The laboratory measurements suggest a good agreement between the capillary pressure and NMR T2 measurements. Both data sets indicate a well sorted pore size distribution. The T2 relaxation time increases with temperature, which is then considered in the downhole implementation of the HBVI model. The NMR-based saturation log is consistent with wireline formation testing (WFT) observations and mercury injection capillary pressure (MICP)-based saturation height modeling results in a low resistivity pay reservoir.
The results of this study suggest that the laboratory calibration and NMR log processing workflows described herein provide a viable alternative for the calculation of fluid saturations in complex reservoirs where the conventional log-based saturation evaluation faces uncertainties.
This paper presents the first while-drilling acquisition of nuclear magnetic resonance (NMR) polarization buildup data in slim boreholes drilled in complex clastic and carbonate reservoirs. NMR logging data is paramount to the petrophysical evaluation of complex rocks such as silty sands, heterogeneous carbonates and reservoirs with variable hydrocarbon viscosity in many fields of the region. Fractionalized porosity obtained by NMR logs can discern bound fluids and free fluids, reveal otherwise hidden pore size variations and determine hydrocarbon composition and viscosity with unique sensitivity. The real-time availability of this valuable information from logging while drilling (LWD) measurements significantly improves drilling decisions to place the well into favorable zones. In addition, under some circumstances, it is safer to perform logging operations with sensors mounted on a bottom-hole assembly (BHA) than with pipe-conveyed wireline tools.
Most NMR logging tools, including wireline and LWD devices, record the transverse magnetization signal and its decay rate (T2), because of the simplicity and rapidity of the measurement. Other instruments observe the formation’s magnetization buildup rate (T1) upon exposure to a permanent magnetic field. While this acquisition mode is more time consuming, it requires less electrical power and data storage to obtain the same petrophysical information. The T1 measurement is insensitive to tool motion associated with drilling. The new tool discussed in this paper is the industry’s first LWD NMR sensor that performs T1 measurements in boreholes with diameters ranging from 5⅞” to 6¼”.
The verification of the new tool followed a three-step testing plan to ensure hardware integrity and data quality. The first testing step checked the consistency between while drilling and relog datasets, including the T1 spectra and the volumetric deliverables such as total and bound fluid porosity. Real-time logs were compared with post-processed memory data to evaluate downhole processing and data transmission capabilities. The second testing objective was to monitor the consistency among density, neutron and NMR porosities in known lithology (e.g., clean limestones) for the evaluation of tool calibration, activation and echo-level pre-processing. Finally, the new tool was run back to back with a wireline NMR logging tool with high-quality T1 logging capabilities to validate the accuracy of the LWD T1 spectrum and partial porosities.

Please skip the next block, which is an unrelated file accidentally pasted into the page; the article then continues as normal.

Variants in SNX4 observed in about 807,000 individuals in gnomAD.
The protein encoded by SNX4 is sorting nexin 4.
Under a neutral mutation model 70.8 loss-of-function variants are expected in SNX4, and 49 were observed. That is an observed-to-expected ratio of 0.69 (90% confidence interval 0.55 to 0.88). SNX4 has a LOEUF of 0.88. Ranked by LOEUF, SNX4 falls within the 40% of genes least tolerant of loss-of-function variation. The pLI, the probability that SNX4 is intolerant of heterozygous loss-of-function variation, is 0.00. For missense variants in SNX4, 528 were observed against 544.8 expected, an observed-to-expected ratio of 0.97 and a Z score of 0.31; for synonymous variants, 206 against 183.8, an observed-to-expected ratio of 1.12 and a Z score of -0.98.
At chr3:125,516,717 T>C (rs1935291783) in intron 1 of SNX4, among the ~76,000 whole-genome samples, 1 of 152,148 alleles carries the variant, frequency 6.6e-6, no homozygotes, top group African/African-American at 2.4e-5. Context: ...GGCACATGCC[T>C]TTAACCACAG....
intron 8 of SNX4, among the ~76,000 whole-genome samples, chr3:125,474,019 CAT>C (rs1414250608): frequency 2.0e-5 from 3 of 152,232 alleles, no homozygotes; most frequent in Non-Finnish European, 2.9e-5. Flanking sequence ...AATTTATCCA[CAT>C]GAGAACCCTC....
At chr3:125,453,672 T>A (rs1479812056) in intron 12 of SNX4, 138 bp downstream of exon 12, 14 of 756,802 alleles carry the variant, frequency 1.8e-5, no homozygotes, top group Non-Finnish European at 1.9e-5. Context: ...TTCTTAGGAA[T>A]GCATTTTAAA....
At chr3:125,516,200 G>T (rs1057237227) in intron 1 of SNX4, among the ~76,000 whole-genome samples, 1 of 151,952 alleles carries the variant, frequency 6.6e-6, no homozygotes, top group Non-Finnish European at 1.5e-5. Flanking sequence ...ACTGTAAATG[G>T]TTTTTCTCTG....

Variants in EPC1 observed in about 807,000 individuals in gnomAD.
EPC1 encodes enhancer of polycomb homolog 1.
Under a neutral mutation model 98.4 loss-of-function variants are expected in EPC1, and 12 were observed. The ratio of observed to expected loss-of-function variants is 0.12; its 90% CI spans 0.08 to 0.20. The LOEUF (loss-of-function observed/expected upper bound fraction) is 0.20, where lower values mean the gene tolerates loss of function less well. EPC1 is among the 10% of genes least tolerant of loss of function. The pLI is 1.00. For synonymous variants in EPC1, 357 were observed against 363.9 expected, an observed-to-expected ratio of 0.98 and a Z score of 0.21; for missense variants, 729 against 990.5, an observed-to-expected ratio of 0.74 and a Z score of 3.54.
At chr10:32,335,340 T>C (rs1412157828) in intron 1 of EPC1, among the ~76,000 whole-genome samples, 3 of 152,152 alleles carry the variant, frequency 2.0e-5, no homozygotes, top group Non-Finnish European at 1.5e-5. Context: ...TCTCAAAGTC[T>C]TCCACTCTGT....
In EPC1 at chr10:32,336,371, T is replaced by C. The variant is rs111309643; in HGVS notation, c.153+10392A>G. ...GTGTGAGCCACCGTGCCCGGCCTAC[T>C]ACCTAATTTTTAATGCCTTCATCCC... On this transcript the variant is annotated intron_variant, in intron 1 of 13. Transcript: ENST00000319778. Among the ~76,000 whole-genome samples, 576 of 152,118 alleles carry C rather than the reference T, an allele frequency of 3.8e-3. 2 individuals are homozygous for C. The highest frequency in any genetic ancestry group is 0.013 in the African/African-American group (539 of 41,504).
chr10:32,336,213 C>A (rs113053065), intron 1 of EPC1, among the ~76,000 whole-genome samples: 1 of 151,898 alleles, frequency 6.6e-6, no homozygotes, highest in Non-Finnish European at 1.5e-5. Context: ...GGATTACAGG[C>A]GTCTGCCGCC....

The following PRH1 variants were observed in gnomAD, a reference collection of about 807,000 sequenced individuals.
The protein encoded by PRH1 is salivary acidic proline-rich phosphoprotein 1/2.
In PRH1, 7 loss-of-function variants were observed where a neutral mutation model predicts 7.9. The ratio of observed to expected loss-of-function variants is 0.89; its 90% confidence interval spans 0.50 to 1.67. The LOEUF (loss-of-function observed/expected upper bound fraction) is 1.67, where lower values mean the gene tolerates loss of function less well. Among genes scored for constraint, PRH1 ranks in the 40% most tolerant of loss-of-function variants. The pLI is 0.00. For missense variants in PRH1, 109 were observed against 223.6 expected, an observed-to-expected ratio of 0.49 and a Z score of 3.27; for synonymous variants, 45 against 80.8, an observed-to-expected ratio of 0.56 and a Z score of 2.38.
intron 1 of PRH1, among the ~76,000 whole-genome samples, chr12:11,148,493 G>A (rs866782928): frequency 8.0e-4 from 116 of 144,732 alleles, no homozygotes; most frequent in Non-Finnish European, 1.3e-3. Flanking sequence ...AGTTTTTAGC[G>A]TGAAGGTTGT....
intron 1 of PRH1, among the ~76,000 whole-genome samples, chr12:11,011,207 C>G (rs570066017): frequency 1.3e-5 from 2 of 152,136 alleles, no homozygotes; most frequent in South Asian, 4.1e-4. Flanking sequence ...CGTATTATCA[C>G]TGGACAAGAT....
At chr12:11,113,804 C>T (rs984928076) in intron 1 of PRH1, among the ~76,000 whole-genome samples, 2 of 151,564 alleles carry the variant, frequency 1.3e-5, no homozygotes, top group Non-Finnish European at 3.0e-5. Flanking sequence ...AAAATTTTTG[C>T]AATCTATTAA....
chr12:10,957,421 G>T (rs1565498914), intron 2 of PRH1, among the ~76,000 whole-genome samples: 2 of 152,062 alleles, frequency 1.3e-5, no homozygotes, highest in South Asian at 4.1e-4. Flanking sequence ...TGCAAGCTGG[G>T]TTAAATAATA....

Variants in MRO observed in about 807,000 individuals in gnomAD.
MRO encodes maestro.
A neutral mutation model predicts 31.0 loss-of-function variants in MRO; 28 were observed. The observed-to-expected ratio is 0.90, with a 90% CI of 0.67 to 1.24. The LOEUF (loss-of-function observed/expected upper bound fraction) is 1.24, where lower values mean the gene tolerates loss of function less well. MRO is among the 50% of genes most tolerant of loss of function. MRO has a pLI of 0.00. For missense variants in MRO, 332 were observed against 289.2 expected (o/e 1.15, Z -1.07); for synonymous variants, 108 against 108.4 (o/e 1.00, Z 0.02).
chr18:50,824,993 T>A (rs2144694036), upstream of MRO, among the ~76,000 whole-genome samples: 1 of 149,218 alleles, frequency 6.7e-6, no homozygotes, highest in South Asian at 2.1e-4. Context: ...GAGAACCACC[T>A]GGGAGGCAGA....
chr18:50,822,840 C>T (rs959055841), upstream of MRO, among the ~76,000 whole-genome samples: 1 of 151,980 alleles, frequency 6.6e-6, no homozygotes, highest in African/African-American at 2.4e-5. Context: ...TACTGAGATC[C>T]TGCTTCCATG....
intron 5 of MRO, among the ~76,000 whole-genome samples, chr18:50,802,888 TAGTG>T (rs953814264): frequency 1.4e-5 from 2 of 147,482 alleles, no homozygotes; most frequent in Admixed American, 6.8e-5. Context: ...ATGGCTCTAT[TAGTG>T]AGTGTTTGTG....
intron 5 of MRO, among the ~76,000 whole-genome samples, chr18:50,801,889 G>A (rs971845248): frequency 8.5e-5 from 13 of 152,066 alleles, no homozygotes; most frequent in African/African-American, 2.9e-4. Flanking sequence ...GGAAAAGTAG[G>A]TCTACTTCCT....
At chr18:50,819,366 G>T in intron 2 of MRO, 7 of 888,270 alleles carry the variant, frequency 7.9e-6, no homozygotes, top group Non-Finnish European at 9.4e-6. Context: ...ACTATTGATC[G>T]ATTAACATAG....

The new tool is the latest addition to the industry’s LWD NMR technology. It was run in three wells with hole sizes of 6⅛” in three different fields. Two of the wells were drilled in carbonate reservoirs, whereas, the last test was conducted in sandstone. In the carbonate wells, real-time NMR logs provided pore size information in both limestones and dolomitic intervals and helped optimize subsequent formation testing operations for which results were in agreement with the logs. In the sandstone well, the tool revealed grain size variations and provided total porosity, bound water volume, and reservoir permeability. These were key inputs for petrophysical interpretation, model calibration, and completions design.
Nuclear magnetic resonance (NMR) logging has been frequently used in situ to detect and classify pore size for carbonate reservoirs by partitioning the T2 distribution spectra. However, there are a few challenges for measuring dolomite pore size with current carbonate NMR interpretation techniques. For wireline NMR logging, its T2 distributions are significantly shortened by the tool gradients; for logging while drilling (LWD) NMR logging, its T2 distributions can also be distorted because of the drilling-induced lateral vibration.
This paper discusses two solutions for identifying and quantifying macroporous dolomites for wireline and LWD NMR logging. For wireline NMR, an inversion-forward modeling-inversion (IFMI) technique computes both T2,int and T2,app distributions for any tool gradient and any inter-echo time. For LWD NMR, the best solution is to acquire a T1 log with a broadband saturation pulse followed by narrow-band excitation and refocusing pulses.
Both NMR carbonate interpretation methods are tested in a well from a complex carbonate reservoir where both wireline and LWD NMR logs were run back-to-back. Compared to a standard T2,app log, both methods increased sensitivity to macroporosity in dolomitic intervals.
The methods presented in this paper successfully reduced fluid diffusion effects to accentuate pore size variations particularly in macroporous dolomitic intervals. The diffusion-free NMR spectra will help pore typing and rock quality evaluation in carbonate reservoirs where large macropores or vugs are present.
Identifying macroporous or vuggy carbonates and quantifying their pore size is a key step to characterize certain carbonate reservoirs where the dolomitization and vug sizes vary from well to well and even depth to depth within a well. Even though comparing NMR porosity and apparent density porosity computed with the limestone matrix density can easily identify dolomite, in-situ dolomite pore size is only detectable with NMR logging.